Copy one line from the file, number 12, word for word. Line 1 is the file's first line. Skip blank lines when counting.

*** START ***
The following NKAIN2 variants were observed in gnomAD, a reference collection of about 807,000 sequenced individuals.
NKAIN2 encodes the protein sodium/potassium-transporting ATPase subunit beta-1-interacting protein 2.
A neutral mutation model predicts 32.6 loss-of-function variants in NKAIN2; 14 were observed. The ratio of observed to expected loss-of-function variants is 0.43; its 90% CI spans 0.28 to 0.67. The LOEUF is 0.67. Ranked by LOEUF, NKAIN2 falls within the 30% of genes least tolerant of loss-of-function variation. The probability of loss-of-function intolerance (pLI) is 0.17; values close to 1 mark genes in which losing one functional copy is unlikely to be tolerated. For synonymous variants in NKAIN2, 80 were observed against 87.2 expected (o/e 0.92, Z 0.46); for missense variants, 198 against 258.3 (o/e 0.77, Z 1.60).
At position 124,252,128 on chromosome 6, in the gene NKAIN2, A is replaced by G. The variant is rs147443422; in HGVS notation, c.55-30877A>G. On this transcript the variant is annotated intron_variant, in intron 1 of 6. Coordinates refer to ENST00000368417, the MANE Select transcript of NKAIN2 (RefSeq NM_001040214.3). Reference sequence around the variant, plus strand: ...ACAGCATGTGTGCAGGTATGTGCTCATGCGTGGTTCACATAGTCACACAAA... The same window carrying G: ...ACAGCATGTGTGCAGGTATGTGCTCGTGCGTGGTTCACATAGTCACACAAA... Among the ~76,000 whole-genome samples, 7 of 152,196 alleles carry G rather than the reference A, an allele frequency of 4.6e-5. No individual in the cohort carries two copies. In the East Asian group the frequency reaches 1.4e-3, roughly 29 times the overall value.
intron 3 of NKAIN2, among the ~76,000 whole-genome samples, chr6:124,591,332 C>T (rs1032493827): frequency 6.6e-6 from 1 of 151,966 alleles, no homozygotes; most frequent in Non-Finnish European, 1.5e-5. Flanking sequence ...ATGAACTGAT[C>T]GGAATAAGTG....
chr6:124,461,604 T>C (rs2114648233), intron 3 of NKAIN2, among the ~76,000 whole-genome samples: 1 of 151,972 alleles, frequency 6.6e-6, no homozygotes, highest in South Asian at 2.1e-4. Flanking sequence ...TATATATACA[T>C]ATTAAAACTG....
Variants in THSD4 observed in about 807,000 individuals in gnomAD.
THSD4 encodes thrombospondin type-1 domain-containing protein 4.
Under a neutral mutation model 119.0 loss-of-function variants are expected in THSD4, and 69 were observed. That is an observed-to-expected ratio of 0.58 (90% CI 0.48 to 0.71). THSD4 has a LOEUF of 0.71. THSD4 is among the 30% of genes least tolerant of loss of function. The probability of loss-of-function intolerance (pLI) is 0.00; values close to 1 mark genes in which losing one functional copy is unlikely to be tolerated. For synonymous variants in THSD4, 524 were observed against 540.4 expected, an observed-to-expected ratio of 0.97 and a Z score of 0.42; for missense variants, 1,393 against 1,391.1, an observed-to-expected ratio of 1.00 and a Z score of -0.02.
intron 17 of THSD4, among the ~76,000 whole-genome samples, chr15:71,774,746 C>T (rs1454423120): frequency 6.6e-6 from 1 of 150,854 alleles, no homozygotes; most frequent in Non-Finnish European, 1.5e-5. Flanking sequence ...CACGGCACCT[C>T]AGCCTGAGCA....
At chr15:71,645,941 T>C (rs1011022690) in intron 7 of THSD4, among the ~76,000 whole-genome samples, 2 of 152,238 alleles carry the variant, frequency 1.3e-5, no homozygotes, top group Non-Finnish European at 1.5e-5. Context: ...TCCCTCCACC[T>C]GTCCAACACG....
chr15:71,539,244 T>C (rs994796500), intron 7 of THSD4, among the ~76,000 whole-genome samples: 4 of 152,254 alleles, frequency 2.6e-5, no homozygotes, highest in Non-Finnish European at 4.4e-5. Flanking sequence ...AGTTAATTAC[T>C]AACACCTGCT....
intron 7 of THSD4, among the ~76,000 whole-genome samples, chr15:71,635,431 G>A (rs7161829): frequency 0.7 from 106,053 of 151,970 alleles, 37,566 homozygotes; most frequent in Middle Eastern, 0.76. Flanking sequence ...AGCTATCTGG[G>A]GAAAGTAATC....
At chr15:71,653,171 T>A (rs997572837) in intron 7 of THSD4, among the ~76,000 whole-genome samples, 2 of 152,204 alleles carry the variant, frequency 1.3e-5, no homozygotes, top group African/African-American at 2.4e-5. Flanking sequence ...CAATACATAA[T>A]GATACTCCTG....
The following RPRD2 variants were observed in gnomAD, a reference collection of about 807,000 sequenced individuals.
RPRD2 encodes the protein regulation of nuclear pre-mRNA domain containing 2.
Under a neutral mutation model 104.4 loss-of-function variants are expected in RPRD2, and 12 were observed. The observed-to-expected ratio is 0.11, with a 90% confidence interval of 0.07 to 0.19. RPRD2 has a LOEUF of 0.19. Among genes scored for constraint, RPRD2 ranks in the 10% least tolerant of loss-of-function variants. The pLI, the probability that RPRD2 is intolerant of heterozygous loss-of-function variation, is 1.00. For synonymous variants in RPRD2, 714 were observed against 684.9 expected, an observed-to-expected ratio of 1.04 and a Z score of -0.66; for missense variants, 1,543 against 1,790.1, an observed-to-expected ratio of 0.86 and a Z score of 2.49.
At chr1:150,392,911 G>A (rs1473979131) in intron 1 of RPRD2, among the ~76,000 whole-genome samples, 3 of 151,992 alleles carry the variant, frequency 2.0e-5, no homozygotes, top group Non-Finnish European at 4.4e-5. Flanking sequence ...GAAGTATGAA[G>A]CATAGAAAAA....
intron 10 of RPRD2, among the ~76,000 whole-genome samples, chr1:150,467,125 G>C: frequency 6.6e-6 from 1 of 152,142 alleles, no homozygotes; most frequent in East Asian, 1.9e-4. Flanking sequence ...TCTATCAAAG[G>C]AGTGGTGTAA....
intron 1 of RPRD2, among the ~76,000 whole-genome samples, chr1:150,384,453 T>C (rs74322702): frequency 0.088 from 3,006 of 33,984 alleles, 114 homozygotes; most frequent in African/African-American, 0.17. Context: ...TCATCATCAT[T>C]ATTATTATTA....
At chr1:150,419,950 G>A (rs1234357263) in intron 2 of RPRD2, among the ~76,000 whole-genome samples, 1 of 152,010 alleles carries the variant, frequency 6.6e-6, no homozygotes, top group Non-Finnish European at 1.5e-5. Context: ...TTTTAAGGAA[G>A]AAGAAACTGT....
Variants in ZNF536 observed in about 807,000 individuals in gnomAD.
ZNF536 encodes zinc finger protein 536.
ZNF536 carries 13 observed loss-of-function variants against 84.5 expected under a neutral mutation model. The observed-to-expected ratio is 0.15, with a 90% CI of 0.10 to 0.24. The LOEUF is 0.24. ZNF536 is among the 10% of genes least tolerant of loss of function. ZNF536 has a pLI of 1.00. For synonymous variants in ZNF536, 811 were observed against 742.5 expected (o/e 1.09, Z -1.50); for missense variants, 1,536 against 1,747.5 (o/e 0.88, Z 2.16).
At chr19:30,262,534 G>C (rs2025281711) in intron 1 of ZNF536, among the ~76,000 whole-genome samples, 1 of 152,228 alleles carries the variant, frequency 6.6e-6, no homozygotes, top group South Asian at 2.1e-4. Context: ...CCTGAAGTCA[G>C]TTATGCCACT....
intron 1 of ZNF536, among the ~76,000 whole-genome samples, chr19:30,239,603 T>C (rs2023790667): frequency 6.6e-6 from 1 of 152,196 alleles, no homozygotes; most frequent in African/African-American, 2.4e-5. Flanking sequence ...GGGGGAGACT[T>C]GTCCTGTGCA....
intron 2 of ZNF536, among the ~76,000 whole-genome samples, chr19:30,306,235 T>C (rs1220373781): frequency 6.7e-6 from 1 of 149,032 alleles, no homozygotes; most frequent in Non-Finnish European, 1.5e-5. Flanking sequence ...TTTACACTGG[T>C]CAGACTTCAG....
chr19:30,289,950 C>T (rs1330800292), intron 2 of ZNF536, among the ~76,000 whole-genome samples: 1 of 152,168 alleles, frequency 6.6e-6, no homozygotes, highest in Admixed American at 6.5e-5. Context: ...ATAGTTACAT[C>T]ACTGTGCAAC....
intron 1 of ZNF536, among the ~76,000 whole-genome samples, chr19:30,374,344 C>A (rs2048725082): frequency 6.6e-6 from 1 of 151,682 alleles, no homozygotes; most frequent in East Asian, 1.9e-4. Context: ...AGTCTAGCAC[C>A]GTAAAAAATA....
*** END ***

chr15:71,539,244 T>C (rs994796500), intron 7 of THSD4, among the ~76,000 whole-genome samples: 4 of 152,254 alleles, frequency 2.6e-5, no homozygotes, highest in Non-Finnish European at 4.4e-5. Flanking sequence ...AGTTAATTAC[T>C]AACACCTGCT....